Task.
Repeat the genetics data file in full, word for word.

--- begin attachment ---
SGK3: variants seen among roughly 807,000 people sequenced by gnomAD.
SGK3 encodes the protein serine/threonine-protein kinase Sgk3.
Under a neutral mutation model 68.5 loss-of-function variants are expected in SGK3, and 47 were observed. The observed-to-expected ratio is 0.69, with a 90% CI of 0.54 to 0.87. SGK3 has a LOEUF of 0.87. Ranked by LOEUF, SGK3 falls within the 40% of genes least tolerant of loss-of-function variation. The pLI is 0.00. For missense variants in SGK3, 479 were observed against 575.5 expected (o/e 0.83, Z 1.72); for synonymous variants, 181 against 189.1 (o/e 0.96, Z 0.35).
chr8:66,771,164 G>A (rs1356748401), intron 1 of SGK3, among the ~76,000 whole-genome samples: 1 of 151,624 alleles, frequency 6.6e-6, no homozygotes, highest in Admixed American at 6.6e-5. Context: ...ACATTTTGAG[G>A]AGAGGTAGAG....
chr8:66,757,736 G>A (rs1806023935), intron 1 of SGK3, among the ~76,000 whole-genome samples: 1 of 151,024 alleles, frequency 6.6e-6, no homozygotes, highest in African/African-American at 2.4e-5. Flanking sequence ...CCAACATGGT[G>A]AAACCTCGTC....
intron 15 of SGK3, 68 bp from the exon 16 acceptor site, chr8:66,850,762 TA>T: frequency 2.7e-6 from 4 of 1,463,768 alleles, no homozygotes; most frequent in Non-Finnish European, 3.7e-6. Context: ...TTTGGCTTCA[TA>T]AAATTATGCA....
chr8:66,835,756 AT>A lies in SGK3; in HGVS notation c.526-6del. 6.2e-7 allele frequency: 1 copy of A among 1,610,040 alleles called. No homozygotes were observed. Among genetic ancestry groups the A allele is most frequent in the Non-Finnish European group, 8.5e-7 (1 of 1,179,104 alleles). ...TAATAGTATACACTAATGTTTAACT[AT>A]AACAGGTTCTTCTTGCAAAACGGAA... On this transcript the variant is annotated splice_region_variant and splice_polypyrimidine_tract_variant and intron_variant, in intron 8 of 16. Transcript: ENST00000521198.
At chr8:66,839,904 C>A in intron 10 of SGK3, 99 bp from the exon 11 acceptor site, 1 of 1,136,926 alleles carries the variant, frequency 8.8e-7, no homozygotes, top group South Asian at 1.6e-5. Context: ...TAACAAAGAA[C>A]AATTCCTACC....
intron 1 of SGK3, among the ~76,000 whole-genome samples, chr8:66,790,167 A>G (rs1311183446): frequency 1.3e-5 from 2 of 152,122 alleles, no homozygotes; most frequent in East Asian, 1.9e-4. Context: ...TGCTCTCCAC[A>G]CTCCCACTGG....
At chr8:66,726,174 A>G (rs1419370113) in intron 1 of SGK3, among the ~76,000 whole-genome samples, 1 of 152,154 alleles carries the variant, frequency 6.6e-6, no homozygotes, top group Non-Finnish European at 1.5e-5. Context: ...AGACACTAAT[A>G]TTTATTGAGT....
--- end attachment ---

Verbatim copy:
SGK3: variants seen among roughly 807,000 people sequenced by gnomAD.
SGK3 encodes the protein serine/threonine-protein kinase Sgk3.
Under a neutral mutation model 68.5 loss-of-function variants are expected in SGK3, and 47 were observed. The observed-to-expected ratio is 0.69, with a 90% CI of 0.54 to 0.87. SGK3 has a LOEUF of 0.87. Ranked by LOEUF, SGK3 falls within the 40% of genes least tolerant of loss-of-function variation. The pLI is 0.00. For missense variants in SGK3, 479 were observed against 575.5 expected (o/e 0.83, Z 1.72); for synonymous variants, 181 against 189.1 (o/e 0.96, Z 0.35).
chr8:66,771,164 G>A (rs1356748401), intron 1 of SGK3, among the ~76,000 whole-genome samples: 1 of 151,624 alleles, frequency 6.6e-6, no homozygotes, highest in Admixed American at 6.6e-5. Context: ...ACATTTTGAG[G>A]AGAGGTAGAG....
chr8:66,757,736 G>A (rs1806023935), intron 1 of SGK3, among the ~76,000 whole-genome samples: 1 of 151,024 alleles, frequency 6.6e-6, no homozygotes, highest in African/African-American at 2.4e-5. Flanking sequence ...CCAACATGGT[G>A]AAACCTCGTC....
intron 15 of SGK3, 68 bp from the exon 16 acceptor site, chr8:66,850,762 TA>T: frequency 2.7e-6 from 4 of 1,463,768 alleles, no homozygotes; most frequent in Non-Finnish European, 3.7e-6. Context: ...TTTGGCTTCA[TA>T]AAATTATGCA....
chr8:66,835,756 AT>A lies in SGK3; in HGVS notation c.526-6del. 6.2e-7 allele frequency: 1 copy of A among 1,610,040 alleles called. No homozygotes were observed. Among genetic ancestry groups the A allele is most frequent in the Non-Finnish European group, 8.5e-7 (1 of 1,179,104 alleles). ...TAATAGTATACACTAATGTTTAACT[AT>A]AACAGGTTCTTCTTGCAAAACGGAA... On this transcript the variant is annotated splice_region_variant and splice_polypyrimidine_tract_variant and intron_variant, in intron 8 of 16. Transcript: ENST00000521198.
At chr8:66,839,904 C>A in intron 10 of SGK3, 99 bp from the exon 11 acceptor site, 1 of 1,136,926 alleles carries the variant, frequency 8.8e-7, no homozygotes, top group South Asian at 1.6e-5. Context: ...TAACAAAGAA[C>A]AATTCCTACC....
intron 1 of SGK3, among the ~76,000 whole-genome samples, chr8:66,790,167 A>G (rs1311183446): frequency 1.3e-5 from 2 of 152,122 alleles, no homozygotes; most frequent in East Asian, 1.9e-4. Context: ...TGCTCTCCAC[A>G]CTCCCACTGG....
At chr8:66,726,174 A>G (rs1419370113) in intron 1 of SGK3, among the ~76,000 whole-genome samples, 1 of 152,154 alleles carries the variant, frequency 6.6e-6, no homozygotes, top group Non-Finnish European at 1.5e-5. Context: ...AGACACTAAT[A>G]TTTATTGAGT....